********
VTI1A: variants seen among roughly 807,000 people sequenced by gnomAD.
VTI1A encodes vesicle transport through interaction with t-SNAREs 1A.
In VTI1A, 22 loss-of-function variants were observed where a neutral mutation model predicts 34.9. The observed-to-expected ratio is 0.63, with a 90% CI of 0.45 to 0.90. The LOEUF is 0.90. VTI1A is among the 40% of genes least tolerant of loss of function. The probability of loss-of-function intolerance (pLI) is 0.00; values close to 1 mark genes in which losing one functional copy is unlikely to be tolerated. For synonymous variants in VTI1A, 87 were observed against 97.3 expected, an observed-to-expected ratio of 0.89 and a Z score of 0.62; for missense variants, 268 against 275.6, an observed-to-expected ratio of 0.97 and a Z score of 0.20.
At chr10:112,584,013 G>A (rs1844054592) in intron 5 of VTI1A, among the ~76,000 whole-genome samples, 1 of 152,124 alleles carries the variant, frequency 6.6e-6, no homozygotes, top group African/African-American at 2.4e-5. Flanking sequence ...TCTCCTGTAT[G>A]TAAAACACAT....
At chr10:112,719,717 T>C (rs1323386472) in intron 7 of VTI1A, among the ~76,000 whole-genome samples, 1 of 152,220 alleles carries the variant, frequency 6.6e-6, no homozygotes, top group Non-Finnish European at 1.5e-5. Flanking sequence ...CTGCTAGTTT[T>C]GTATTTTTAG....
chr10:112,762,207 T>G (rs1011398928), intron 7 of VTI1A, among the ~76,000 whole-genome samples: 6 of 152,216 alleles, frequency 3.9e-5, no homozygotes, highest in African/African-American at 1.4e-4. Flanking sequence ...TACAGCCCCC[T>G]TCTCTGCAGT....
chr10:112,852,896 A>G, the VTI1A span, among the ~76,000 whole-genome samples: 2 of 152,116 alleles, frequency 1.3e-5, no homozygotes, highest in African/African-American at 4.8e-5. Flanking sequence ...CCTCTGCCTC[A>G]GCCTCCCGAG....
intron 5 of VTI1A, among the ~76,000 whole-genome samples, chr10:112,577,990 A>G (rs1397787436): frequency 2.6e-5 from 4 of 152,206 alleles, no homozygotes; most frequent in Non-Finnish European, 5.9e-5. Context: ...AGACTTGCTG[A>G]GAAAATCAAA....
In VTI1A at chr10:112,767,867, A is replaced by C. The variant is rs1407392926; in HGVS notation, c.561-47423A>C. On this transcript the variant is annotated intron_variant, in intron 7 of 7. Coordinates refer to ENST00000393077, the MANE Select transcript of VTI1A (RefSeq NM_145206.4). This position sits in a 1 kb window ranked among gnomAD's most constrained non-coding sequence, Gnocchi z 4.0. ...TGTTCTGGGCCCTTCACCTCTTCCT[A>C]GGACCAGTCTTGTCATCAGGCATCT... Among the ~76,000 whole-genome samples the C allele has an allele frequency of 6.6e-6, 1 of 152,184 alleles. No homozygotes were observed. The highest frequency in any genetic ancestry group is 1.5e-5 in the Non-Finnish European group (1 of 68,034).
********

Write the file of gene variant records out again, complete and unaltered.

VTI1A: variants seen among roughly 807,000 people sequenced by gnomAD.
VTI1A encodes vesicle transport through interaction with t-SNAREs 1A.
In VTI1A, 22 loss-of-function variants were observed where a neutral mutation model predicts 34.9. The observed-to-expected ratio is 0.63, with a 90% CI of 0.45 to 0.90. The LOEUF is 0.90. VTI1A is among the 40% of genes least tolerant of loss of function. The probability of loss-of-function intolerance (pLI) is 0.00; values close to 1 mark genes in which losing one functional copy is unlikely to be tolerated. For synonymous variants in VTI1A, 87 were observed against 97.3 expected, an observed-to-expected ratio of 0.89 and a Z score of 0.62; for missense variants, 268 against 275.6, an observed-to-expected ratio of 0.97 and a Z score of 0.20.
At chr10:112,584,013 G>A (rs1844054592) in intron 5 of VTI1A, among the ~76,000 whole-genome samples, 1 of 152,124 alleles carries the variant, frequency 6.6e-6, no homozygotes, top group African/African-American at 2.4e-5. Flanking sequence ...TCTCCTGTAT[G>A]TAAAACACAT....
At chr10:112,719,717 T>C (rs1323386472) in intron 7 of VTI1A, among the ~76,000 whole-genome samples, 1 of 152,220 alleles carries the variant, frequency 6.6e-6, no homozygotes, top group Non-Finnish European at 1.5e-5. Flanking sequence ...CTGCTAGTTT[T>C]GTATTTTTAG....
chr10:112,762,207 T>G (rs1011398928), intron 7 of VTI1A, among the ~76,000 whole-genome samples: 6 of 152,216 alleles, frequency 3.9e-5, no homozygotes, highest in African/African-American at 1.4e-4. Flanking sequence ...TACAGCCCCC[T>G]TCTCTGCAGT....
chr10:112,852,896 A>G, the VTI1A span, among the ~76,000 whole-genome samples: 2 of 152,116 alleles, frequency 1.3e-5, no homozygotes, highest in African/African-American at 4.8e-5. Flanking sequence ...CCTCTGCCTC[A>G]GCCTCCCGAG....
intron 5 of VTI1A, among the ~76,000 whole-genome samples, chr10:112,577,990 A>G (rs1397787436): frequency 2.6e-5 from 4 of 152,206 alleles, no homozygotes; most frequent in Non-Finnish European, 5.9e-5. Context: ...AGACTTGCTG[A>G]GAAAATCAAA....
In VTI1A at chr10:112,767,867, A is replaced by C. The variant is rs1407392926; in HGVS notation, c.561-47423A>C. On this transcript the variant is annotated intron_variant, in intron 7 of 7. Coordinates refer to ENST00000393077, the MANE Select transcript of VTI1A (RefSeq NM_145206.4). This position sits in a 1 kb window ranked among gnomAD's most constrained non-coding sequence, Gnocchi z 4.0. ...TGTTCTGGGCCCTTCACCTCTTCCT[A>C]GGACCAGTCTTGTCATCAGGCATCT... Among the ~76,000 whole-genome samples the C allele has an allele frequency of 6.6e-6, 1 of 152,184 alleles. No homozygotes were observed. The highest frequency in any genetic ancestry group is 1.5e-5 in the Non-Finnish European group (1 of 68,034).